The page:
A lot of good work has been done. We are observing the emergence of workplaces that have developed functional systems across the last few years. They have policies and procedures that make sense, a roadmap with specific targets and ongoing training for their employees. It’s not enough yet to become the mainstream, but it is enough to create a long term shift with the help of organisations like Jobsbank.

Australia also has great researchers and we have good research reports and publications of practical tools that help navigate Diversity, Equity and Inclusion (DEI) in employment from organisations like our partners at Diversity Council Australia. 

Still for many workplaces, DEI remains a process of ticking the box or it is the legacy and/or vision of one leader. That’s where we come in – to support the embedding of inclusive employment change across an organisation.  

This comes down to a few key things. It’s about connecting the dots and creating meaningful collaboration; it’s about sharing the learnings of those who are figuring it out with the corporate world; and it’s about translating this learning into something that makes commercial sense; and then it’s about rolling that out.  

What is the biggest challenge you’ve encountered in your career and how did you overcome it? 

This is an interesting question because there have been lots of challenges from my perspective. For me, it’s not so much about the one or two challenges I could talk about. Rather it’s about the learnings I have taken from them so I can move forward having improved an aspect of my life, leadership, skills or grown in understanding and resilience.

One thing I do experience though, and it’s a common experience for people who have been first in their family to finish school or step into job roles and job levels that are unfamiliar, is feeling settled with the gap that exists because the study, work and role I do now has not been one I observed by people in the communities I grew up in.

I have had to be determined and planned in building a close and skilled network around me that is encouraging and reminds me of my skills and purpose. This network has been essential for me to safely unpack how work environments, relationships and politics work, what the ‘rules’ are, and how to manage increasingly complex organisational problems and tensions.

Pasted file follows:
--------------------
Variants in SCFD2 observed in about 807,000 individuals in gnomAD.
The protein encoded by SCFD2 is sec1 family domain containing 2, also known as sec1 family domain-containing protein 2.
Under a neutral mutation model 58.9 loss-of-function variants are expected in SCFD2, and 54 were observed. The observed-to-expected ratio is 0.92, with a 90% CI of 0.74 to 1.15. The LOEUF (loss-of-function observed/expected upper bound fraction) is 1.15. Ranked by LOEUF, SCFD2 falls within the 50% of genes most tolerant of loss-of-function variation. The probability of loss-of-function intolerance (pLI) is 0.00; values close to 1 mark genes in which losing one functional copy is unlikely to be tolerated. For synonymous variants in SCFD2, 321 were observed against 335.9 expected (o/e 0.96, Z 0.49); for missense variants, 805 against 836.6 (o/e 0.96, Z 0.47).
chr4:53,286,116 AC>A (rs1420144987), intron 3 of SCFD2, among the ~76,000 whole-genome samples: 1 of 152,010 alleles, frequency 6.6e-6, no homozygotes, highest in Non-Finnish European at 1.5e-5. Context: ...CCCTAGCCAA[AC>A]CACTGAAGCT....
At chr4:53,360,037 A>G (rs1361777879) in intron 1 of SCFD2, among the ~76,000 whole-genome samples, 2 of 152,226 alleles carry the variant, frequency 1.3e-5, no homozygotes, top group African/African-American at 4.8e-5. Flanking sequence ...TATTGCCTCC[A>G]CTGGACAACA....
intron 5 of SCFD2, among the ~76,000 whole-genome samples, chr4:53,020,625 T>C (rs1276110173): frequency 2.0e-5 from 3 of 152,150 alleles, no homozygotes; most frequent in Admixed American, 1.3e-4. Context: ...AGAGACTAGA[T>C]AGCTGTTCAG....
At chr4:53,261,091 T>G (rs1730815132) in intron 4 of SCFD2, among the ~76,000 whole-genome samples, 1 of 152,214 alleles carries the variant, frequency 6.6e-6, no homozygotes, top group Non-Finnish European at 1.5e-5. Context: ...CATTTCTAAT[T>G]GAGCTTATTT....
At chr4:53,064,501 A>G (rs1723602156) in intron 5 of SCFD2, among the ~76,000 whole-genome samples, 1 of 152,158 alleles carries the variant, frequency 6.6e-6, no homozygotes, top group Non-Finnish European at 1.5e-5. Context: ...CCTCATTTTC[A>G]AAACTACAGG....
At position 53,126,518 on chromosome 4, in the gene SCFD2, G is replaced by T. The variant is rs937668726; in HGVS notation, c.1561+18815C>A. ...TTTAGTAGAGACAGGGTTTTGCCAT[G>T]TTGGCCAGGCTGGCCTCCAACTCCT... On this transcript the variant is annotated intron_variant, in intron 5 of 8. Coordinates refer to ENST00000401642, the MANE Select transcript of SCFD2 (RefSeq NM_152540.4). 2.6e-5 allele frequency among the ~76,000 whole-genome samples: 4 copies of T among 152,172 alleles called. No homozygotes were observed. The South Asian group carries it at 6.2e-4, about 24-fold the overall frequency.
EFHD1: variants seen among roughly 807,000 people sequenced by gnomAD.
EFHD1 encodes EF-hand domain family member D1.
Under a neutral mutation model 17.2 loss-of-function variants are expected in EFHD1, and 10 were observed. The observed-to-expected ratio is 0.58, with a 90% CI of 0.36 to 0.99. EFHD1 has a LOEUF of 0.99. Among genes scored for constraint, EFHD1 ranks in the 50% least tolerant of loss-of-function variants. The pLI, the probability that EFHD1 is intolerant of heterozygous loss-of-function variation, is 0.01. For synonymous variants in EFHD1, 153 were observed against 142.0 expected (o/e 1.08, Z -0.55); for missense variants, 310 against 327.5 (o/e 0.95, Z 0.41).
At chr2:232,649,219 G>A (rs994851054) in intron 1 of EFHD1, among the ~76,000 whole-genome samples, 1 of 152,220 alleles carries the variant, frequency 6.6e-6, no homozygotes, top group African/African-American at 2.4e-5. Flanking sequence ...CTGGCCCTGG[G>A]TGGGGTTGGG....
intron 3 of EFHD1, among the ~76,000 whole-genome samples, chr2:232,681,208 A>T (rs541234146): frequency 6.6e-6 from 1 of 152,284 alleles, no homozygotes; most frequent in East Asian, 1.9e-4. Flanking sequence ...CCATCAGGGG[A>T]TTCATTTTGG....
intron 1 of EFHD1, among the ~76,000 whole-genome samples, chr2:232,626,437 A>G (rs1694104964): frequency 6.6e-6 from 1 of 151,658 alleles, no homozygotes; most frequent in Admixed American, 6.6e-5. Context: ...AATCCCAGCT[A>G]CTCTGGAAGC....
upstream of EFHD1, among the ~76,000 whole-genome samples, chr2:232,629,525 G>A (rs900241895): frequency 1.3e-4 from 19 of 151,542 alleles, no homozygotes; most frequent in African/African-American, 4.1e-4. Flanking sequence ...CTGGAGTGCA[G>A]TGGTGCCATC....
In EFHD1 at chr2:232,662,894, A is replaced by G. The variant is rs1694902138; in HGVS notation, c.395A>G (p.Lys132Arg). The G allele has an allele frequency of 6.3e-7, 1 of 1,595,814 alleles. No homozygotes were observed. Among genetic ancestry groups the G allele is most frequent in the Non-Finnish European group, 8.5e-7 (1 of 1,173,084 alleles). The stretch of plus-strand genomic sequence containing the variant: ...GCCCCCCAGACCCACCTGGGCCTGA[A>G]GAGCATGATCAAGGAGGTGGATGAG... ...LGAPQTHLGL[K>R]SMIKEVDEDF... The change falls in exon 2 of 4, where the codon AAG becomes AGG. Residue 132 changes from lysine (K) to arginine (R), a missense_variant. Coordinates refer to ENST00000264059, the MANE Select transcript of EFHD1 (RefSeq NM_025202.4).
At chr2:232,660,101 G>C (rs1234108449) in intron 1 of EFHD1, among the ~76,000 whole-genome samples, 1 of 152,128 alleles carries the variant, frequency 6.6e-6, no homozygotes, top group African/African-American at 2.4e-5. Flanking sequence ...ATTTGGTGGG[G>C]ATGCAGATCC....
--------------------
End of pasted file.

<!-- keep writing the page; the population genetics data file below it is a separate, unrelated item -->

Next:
This unpacking isn’t to simply then mimic the status-quo but to understand it and then make thoughtful and wise decisions about how I, as a leader, want to operate, what I want to push against, and how I remain consistent with my values and sense of purpose. 

If you could go back in time, what piece of advice would you give yourself as you first embarked on your career?

Don’t worry or doubt yourself so much. You have valuable insights and contributions to make because of your background and life experiences.

How do you stay motivated to work in this field? 

By staying close to the ground, and seeing and hearing about the changes that happen when you open opportunities for more people to be included and valued for their perspectives and contributions. 

How do you unwind after work? 

After work I do some exercise, hang out with my family and watch TV or read fiction. I usually go to bed early.

What was the last thing you: 

  • Watched? Broadchurch, Little America, Ted Lasso, Welcome to Wrexham. The second season of Schmigadoon is coming out too – I can’t wait!
  • Read? Sixty-Seven Days by Yvonne Weldon, The Seamstress of Sardinia by Bianca Pitzorno and CEO Excellence by Carolyn Dewar, Scott Keller and Vikram Malhotra.
  • Listened to? The Jobsbank Getting it Right podcast of course, and then any 80s or 90s pop music, played loud!

Ruby Kraner-Tucci  |  @ProBonoNews

Ruby Kraner-Tucci is a journalist, with a special interest in culture, community and social affairs. Reach her at